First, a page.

States traditionally have considered condonation and reconciliation to be common law affirmative defenses to fault-based divorce actions. Under that scenario, the defendant was required to plead and prove the defense. In states that allow fault-based divorce and that have comprehensive divorce statutes, the general movement has been to limit or eliminate common law divorce defenses such as condonation and reconciliation.
Dischargeability of debt is one of the core principles in bankruptcy law, and it plays a large part in the fresh start for debtors. Discharge cancels debt and stops collection activity for the discharged debt. There are a variety of debts not dischargeable in bankruptcy, including alimony and child support.
Concealment and misrepresentation are used very commonly in annulment proceedings as part of the fraud ground. Most of the time, annulments for fraud are not granted as a matter of right and are granted only after close consideration. In most states, the courts require clear and convincing evidence of fraud and a showing that the injured party would not have married but for the fraud.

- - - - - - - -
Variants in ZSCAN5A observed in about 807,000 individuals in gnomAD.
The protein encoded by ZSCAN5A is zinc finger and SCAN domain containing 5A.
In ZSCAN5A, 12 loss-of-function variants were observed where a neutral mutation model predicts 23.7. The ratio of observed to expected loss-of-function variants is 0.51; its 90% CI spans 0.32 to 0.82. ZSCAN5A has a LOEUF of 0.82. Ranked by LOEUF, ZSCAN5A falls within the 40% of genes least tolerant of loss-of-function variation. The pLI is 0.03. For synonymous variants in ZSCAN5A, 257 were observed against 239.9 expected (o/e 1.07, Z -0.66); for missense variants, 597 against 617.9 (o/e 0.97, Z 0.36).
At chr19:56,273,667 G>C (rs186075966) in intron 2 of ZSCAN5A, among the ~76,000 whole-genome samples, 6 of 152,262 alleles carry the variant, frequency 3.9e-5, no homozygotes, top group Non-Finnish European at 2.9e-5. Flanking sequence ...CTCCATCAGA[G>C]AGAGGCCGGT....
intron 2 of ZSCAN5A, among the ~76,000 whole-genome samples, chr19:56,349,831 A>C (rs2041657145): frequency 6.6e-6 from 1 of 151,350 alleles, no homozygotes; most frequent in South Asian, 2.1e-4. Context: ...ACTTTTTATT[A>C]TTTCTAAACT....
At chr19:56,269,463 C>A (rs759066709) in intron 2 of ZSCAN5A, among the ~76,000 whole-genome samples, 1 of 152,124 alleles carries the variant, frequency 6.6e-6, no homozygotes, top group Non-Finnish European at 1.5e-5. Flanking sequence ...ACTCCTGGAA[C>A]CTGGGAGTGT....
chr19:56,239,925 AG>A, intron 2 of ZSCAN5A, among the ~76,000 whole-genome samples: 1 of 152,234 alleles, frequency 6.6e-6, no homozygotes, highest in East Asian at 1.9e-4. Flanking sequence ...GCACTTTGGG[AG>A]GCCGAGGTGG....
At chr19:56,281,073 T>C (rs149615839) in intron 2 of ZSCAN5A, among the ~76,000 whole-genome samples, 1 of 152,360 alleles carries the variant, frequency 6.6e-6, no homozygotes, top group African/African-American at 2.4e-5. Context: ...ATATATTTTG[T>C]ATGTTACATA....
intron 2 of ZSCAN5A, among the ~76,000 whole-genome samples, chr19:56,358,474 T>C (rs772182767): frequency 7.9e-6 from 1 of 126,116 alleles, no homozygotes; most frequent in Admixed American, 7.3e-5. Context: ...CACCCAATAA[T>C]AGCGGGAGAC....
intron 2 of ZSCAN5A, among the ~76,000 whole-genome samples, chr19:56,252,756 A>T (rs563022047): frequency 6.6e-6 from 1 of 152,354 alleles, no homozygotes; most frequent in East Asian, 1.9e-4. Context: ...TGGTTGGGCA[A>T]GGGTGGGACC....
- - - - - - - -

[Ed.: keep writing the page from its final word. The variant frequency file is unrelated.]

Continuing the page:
To base annulment on force, restraint or threats, the duress must have been the inducing cause of the marriage such that the consent to marry would not have been given but for the duress. Moreover, the force or duress must continue to the time of the wedding ceremony. Annulment generally will not be granted for duress if the coerced spouse can escape or overcome the force or duress.
A premarital agreement, also known as a prenuptial or ante-nuptial agreement, is an agreement made between the parties in anticipation of their marriage. Such agreements can cover issues such as, property division upon divorce as well as child custody, child support and alimony. Although premarital agreements have been increasingly embraced for their ability to resolve complex property and support issues without resort to trial, the lack of uniform language included in such agreements has been noted as potentially problematic.